The entire affair is largely lighter than anything the band has put out in entirety. There isn't a single rock number among the five tracks. They are tender acoustic ballads that couch confessional lyrics about loneliness, depression, and being crushed under the weight of the world.
In sum, it sounds like a bittersweet departure from the pop punk and alternative rock beginnings of the band into an alternative singer-songerwriter acoustic stint that is punctuated with anguish. There is no one better to tell it than John O'Callaghan whose even-tempered vocals share stories that I suspect most people can pinpoint as pages right from their own lives. I know I can.
Imaginary Numbers plays to the phantoms in your head.
That said, it doesn't make much sense to review the EP from the top. The middle is a much more meritous open with Visions, a track that captures the simultaneously comforting and claustrophobic nature of the careful and contemplative EP.
Simply put, Visions is a track about waking up to the pain that the person you love is gone. And your only recourse, even if it doesn't deal you anything better than being miserable even longer, is to lay your head back down and pretend they are still there.
No, there isn't anything wrong with replaying all those good and bad memories in your head. But what makes the whole thing begin to feel uncomfortable is the realization that you can't hide from the truth forever. Nobody can keep thrusting their head deeper under the covers forever.
It's an interesting place where The Maine has decided to take its fans this time around. None of the five tracks have any resolution. From the opening to the end, everything about Imaginary Numbers is about gray days and loneliness.
Raining In Paris is another example of the restrained tension The Maine is able to capture with remarkable accuracy. As O'Callaghan conveys, it doesn't even matter where you are when you can still feel the rain and pain of what you once had.
When coupled with the quiet foundations of Pat Kirch (drums), Kennedy Brock (guitar), Garrett Nickelsen (bass), and Jared Monaco (guitar), it paints a bleak but not unsurmountable emotion in your head — that place between being in pain and moving to whatever might come next in life. And yet, at the same time, there is always this hesitancy to leave it all right.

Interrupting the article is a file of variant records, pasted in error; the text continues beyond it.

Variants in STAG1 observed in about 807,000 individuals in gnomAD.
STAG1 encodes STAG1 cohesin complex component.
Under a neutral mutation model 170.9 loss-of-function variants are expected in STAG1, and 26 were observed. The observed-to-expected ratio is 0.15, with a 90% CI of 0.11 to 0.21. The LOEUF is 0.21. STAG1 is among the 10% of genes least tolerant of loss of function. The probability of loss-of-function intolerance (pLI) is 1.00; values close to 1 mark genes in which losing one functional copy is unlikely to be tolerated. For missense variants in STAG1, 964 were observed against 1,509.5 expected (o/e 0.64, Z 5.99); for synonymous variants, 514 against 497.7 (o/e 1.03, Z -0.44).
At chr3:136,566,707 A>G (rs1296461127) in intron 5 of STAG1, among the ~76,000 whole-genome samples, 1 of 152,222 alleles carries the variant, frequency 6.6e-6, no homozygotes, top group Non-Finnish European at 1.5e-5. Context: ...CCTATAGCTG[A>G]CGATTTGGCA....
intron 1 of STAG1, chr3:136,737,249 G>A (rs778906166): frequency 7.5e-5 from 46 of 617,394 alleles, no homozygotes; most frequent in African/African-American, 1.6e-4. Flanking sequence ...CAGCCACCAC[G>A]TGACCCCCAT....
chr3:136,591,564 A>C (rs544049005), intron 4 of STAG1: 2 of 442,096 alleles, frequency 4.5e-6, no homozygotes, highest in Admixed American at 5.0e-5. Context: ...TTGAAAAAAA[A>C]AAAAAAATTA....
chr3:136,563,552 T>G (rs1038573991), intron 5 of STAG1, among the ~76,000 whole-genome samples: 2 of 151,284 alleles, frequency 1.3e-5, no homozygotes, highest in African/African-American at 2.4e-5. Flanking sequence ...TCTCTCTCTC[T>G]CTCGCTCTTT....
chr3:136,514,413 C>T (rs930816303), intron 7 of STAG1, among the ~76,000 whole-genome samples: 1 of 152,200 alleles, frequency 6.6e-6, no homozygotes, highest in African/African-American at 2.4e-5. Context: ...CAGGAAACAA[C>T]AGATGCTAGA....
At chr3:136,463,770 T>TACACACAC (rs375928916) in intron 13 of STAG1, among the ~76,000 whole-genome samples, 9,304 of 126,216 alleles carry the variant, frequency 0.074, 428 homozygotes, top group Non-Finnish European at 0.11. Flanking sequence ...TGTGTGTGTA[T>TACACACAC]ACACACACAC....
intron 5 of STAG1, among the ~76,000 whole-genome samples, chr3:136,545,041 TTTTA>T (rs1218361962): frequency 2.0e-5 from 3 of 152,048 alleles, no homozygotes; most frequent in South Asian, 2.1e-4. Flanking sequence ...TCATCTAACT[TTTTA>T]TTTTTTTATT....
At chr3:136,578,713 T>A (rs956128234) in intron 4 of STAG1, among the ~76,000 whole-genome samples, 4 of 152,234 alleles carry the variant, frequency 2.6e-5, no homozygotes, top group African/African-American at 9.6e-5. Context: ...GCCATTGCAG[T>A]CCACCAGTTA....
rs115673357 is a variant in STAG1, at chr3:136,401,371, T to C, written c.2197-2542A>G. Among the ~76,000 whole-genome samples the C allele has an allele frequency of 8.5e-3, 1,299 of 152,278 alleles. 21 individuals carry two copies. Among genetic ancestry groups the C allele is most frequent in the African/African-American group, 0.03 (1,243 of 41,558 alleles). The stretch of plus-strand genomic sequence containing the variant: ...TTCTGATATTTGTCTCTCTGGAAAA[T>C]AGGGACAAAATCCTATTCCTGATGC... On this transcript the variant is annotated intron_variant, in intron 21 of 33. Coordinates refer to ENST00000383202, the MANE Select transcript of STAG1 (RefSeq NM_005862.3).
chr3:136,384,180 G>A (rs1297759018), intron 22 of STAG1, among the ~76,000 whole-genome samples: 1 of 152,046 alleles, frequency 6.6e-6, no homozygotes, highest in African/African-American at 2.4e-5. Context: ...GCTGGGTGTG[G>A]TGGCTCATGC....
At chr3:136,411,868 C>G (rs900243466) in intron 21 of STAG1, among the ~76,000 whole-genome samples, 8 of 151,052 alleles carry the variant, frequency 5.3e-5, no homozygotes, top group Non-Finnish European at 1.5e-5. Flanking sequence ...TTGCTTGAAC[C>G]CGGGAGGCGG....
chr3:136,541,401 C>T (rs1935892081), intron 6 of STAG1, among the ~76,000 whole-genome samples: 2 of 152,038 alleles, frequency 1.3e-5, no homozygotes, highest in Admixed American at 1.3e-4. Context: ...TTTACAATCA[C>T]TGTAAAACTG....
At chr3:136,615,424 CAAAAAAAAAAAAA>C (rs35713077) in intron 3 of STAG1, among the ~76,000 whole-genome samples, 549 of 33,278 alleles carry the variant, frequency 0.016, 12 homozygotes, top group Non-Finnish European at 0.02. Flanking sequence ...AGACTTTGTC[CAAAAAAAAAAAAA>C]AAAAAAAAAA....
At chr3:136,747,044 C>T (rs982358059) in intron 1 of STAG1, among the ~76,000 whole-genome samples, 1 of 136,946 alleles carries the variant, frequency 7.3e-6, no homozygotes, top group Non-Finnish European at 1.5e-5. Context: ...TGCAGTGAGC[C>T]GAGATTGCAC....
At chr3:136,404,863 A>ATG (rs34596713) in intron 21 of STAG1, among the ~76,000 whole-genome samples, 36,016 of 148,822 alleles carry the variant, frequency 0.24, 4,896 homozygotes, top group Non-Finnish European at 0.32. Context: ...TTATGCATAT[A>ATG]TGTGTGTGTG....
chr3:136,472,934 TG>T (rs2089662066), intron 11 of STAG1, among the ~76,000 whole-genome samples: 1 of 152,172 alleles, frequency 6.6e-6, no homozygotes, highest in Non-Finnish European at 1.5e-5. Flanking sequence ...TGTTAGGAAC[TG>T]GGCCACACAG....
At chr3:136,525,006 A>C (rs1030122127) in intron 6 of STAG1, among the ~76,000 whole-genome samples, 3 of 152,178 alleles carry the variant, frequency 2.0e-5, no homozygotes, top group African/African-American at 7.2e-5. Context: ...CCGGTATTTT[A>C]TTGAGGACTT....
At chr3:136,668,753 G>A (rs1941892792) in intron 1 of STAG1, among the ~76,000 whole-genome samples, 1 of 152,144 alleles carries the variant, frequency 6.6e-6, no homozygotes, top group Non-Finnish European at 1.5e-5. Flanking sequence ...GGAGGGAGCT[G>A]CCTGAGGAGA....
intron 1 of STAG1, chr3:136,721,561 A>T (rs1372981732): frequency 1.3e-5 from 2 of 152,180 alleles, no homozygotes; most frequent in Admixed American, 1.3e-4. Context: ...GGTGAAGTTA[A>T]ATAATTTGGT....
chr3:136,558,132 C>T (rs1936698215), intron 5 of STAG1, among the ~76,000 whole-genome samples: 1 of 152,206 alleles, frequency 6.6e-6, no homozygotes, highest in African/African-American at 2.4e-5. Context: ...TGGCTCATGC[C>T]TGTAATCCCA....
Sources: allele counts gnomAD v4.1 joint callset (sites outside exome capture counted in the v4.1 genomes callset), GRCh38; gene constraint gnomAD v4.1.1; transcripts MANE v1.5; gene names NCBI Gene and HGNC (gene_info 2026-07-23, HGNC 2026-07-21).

The balance of the tracks — Room With No Windows, Perfectly Out Of Key, and Lovely Sad are equally miserable. Lovely Sad is a haunting, folksy lullaby. Room With No Windows is tortured against a background that balances a ballroom funk against a painful and hypnotic pout. Perfectly Out Of Key nearly celebrates the sadness weighing down their souls.
Imaginary Numbers By The Maine Rakes 5.1 On The Liquid Hip Richter Scale.
It's the relentlessness of being able capture the tenor of uneasy feelings and overthinking that makes The Maine one of the most listenable bands out there. The only down side is trying to figure out when, where, and how anyone would want to listen. If you're not in a depression over any demons you left behind, you might be by the pass.
And it's because of it that this EP might be best listened to mixed into some brighter bits from the band's earlier albums. Maybe. There is something to be said for letting your head swim. I guess.
Imaginary Numbers by The Maine can be found on Amazon. You can also download the EP from iTunes. The band is currently on tour with a big schedule starting in the Philippines before picking up again on the West Coast. For complete details, including a big Tempe reunion on Feb. 7, visit the band on Facebook.